Community residents in drilling dispute criticise Cayman Islands accounts
RICHARD SCOTT’S tax haven land in Canonbie is an ‘appalling’ example of Buccleuch estate’s “lack of transparency”, according to the local residents association.
Scott (also the Duke of Buccleuch), the largest aristocratic landowner in Scotland who owns over 240,000 acres, was revealed to be using a Cayman secrecy jurisdiction to buy and sell land .
Local Canonbie residents, who have faced a long-running dispute over Buccleuch coal methane extraction proposals, accuse the estate of using political lobbying to promote its private interests over the community.
The group told CommonSpace that the tax haven case “resonate[d] strongly with community concerns about lack of transparency in Buccleuch business practices, their relationships with gas drilling companies, and their contempt for local community concerns about their fossil fuel proposals.”
“We are therefore appalled, though not surprised, to learn that land at Canonbie is in fact owned by a ‘shell’ company in Cayman,” the residents association added.
“We are in no doubt that Buccleuch are the Scottish equivalent of Starbucks/Google et al…A tax on land is an obvious move.” Canonbie Residents Association
The group said that Buccleuch’s use of an offshore tax haven exacerbated concerns that profits from any extreme energy drilling would flow into the pockets of corporations rather than any workers or environmental projects.
Local SNP MSP Joan McAlpine previously described the plans as “environmental vandalism” .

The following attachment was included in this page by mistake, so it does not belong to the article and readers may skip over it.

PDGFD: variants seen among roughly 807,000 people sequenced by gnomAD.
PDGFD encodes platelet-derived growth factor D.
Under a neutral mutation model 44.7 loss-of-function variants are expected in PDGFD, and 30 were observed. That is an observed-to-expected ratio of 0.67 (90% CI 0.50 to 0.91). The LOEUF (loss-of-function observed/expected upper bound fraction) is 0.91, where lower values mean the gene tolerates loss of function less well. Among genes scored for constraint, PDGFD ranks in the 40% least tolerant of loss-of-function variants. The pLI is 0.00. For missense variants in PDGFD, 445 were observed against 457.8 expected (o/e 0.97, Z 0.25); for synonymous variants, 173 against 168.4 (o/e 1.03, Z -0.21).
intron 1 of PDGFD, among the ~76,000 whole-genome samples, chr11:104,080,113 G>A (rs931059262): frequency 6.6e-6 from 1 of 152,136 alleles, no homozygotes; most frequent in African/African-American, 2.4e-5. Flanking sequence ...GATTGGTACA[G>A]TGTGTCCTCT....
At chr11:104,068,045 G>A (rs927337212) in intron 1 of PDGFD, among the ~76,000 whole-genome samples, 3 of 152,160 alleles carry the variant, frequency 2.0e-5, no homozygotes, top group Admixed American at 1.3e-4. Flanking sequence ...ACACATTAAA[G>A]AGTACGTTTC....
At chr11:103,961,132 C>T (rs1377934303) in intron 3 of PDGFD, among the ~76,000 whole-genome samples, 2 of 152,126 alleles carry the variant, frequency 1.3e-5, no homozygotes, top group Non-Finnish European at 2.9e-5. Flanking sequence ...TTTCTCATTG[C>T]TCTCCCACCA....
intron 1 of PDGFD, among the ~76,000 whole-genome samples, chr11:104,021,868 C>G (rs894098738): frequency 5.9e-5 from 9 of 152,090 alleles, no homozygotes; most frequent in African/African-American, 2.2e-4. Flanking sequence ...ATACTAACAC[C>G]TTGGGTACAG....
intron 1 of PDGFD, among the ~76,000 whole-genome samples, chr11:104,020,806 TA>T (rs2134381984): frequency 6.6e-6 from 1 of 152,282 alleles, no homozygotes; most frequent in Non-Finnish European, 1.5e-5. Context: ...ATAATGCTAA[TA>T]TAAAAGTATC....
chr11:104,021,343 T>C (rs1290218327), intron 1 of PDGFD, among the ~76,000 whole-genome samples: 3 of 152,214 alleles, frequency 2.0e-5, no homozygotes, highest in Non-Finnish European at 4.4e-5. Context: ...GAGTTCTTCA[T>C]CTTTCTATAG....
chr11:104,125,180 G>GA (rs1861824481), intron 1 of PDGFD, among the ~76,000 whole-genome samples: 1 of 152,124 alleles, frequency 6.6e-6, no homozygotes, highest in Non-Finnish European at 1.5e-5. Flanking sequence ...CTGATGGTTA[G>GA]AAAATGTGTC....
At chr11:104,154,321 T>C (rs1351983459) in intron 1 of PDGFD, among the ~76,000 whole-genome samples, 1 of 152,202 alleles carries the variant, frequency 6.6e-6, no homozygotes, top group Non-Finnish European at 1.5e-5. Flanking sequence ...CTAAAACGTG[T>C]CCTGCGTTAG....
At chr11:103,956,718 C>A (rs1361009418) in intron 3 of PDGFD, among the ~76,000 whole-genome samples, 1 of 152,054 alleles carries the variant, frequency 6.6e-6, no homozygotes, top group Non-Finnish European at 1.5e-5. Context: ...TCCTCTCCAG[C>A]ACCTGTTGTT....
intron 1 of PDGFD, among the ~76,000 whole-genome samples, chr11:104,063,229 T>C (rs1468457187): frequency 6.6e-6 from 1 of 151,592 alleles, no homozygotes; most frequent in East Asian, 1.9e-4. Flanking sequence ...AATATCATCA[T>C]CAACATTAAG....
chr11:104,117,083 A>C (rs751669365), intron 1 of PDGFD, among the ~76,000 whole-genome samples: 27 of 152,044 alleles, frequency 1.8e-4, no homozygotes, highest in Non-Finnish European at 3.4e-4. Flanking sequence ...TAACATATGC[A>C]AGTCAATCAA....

She was then targeted by John Glen, Buccleuch chief executive, who reported McAlpine’s criticisms to pro-drilling government minister Fergus Ewing, and attacked McAlpine for introducing “a political land reform dimension into an already delicate and sensitive debate”.
Buccleuch estate has been one of the main lobbying forces against any moves towards a redistribution in the ownership of land, a system built on historic land grabs by the Scottish aristocracy.
Glen also sat on influential environmental policy groups the 2020 Climate Group and Low Carbon Scotland.
Residents, following the tax haven revelations, have backed further land reform and taxation as a means to create a more equal society.
The association told CommonSpace: “Having discussed recent revelations with local people, we are in no doubt that Buccleuch are the Scottish equivalent of Starbucks/Google et al. If we expect ordinary people to contribute to building a fairer Scotland, it is crucial that we do not allow wealthy landowners like Buccleuch to evade their responsibility by using tax havens.
“A tax on land is an obvious move towards a fairer distribution of benefit from our natural assets.”
The dispute in Canonbie, where plans for drilling have stalled, is not the estate’s only ongoing community dispute.
Campaigners recently protested the Buccleuch owned Dalkeith Country Park , over charging walkers for access – a financial penalty that contradicts the spirit of the Land Reform Act 2003.
Wanlockhead in Dumfries and Galloway is also seeking a community buyout from Buccleuch estate.
A spokesman for Buccleuch told CommonSpace: “Buccleuch has been entirely transparent throughout the entire process of engaging with the local community in relation to establishing whether extracting unconventional gas in the area is viable.
“Furthermore, the property that is owned within Pentland Limited is a small property development that has in no way connected to the land relating to unconventional gas. It is a complete red herring. For clarity, Pentland Ltd is a company owned by the Buccleuch family and any member of the public who has any concerns about information can call the estate office which will respond.”
The Scottish Parliament voted to create the Land Reform Act 2015 , which included diluted proposals on tax haven land.
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Picture courtesy of Canonbie & District Residents’ Association